The US government's plan to store nuclear waste has a critical flaw.
The U.S. government's plan for safely storing nuclear waste just hit a serious snag: Exposure to groundwater could corrode its new storage containers, spilling radioactive materials into the Earth.
The plan, as it stands, was to trap nuclear waste in glass or ceramic and bury the horrible mixture in stainless steel containers, Science News reports. But the new groundwater study potentially sends scientists back to the drawing board as they tackle the staggering challenge of storing hazardous materials for millennia at a time.
To kick the tires of the waste containers, a team of engineers from a long list of universities recreated the conditions one might encounter while buried for thousands of years.
Their findings, published last week in the journal Nature Materials, showed that a groundwater-like solution caused a chain reaction that ended up eating away at the steel container.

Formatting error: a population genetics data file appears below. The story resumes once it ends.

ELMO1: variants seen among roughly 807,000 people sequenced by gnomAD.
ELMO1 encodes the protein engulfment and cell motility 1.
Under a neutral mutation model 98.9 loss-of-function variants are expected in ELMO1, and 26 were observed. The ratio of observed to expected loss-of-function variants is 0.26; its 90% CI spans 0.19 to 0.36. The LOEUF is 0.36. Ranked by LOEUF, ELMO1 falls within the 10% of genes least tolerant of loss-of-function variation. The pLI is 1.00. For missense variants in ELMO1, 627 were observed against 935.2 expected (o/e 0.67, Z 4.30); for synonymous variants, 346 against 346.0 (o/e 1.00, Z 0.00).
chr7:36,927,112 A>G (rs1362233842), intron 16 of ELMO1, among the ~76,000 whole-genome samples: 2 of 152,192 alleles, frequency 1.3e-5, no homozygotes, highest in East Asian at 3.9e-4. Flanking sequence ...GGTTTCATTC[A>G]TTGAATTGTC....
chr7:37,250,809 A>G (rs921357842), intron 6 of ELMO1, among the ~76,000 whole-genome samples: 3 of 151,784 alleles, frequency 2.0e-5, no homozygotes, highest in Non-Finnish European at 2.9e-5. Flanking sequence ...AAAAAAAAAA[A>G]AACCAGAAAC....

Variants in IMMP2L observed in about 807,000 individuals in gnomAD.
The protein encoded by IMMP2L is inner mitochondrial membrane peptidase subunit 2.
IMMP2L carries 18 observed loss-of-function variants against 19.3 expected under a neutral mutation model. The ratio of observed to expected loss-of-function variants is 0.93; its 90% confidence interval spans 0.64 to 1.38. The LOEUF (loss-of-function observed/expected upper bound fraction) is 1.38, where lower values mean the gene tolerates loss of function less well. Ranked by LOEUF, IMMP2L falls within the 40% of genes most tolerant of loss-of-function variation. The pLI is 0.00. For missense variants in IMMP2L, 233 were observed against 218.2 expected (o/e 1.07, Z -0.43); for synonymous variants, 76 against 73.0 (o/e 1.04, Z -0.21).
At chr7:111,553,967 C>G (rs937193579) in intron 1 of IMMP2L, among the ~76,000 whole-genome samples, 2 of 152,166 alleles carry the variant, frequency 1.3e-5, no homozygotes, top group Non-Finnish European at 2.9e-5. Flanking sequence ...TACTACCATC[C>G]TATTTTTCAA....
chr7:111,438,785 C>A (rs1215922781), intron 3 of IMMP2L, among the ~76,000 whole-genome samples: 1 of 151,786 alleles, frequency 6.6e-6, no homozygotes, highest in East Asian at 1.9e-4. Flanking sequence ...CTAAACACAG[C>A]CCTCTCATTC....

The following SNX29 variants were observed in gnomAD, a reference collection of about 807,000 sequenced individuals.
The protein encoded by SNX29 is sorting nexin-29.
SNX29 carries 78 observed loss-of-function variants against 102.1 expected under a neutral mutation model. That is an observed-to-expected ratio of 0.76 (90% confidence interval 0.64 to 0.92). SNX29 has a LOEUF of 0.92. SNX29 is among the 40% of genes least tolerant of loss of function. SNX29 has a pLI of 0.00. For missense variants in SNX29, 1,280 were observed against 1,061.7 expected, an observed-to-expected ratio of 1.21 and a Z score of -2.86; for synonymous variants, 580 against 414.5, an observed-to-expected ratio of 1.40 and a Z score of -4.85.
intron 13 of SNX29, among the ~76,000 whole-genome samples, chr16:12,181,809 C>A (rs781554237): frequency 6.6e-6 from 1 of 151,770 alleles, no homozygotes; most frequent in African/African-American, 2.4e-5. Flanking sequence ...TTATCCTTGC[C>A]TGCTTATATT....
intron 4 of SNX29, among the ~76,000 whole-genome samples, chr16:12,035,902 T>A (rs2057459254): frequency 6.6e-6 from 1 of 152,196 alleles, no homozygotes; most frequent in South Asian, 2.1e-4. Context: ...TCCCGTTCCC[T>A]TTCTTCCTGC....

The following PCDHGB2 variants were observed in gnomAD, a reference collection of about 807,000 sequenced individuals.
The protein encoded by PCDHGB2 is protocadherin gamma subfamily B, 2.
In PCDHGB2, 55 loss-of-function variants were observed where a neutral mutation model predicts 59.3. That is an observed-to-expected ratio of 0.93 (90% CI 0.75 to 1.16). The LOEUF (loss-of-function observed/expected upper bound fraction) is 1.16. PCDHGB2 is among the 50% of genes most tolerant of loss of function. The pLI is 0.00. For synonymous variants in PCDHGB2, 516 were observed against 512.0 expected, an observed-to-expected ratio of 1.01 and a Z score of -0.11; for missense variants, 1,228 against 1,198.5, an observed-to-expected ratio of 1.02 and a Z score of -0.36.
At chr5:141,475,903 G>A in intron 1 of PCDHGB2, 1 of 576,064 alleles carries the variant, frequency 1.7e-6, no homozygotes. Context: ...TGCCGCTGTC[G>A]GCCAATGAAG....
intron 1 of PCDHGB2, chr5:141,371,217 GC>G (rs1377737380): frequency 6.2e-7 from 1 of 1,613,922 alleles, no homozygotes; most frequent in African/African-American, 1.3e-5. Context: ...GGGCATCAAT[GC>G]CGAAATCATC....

It's worth noting that a lab environment is very different from an actual underground nuclear waste dump — and bombarding a piece of steel and ceramic with saltwater creates a more extreme response than the occasional groundwater seepage is expected to in the real thing, Science News reports.
All the same, the team of engineers hopes to develop a new lining material that could better keep groundwater out — and radioactive waste in.
READ MORE: The containers the U.S. plans to use for nuclear waste storage may corrode [Science News]
More on waste management: Japan's Radioactive Water will Go Into the Ocean or Atmosphere
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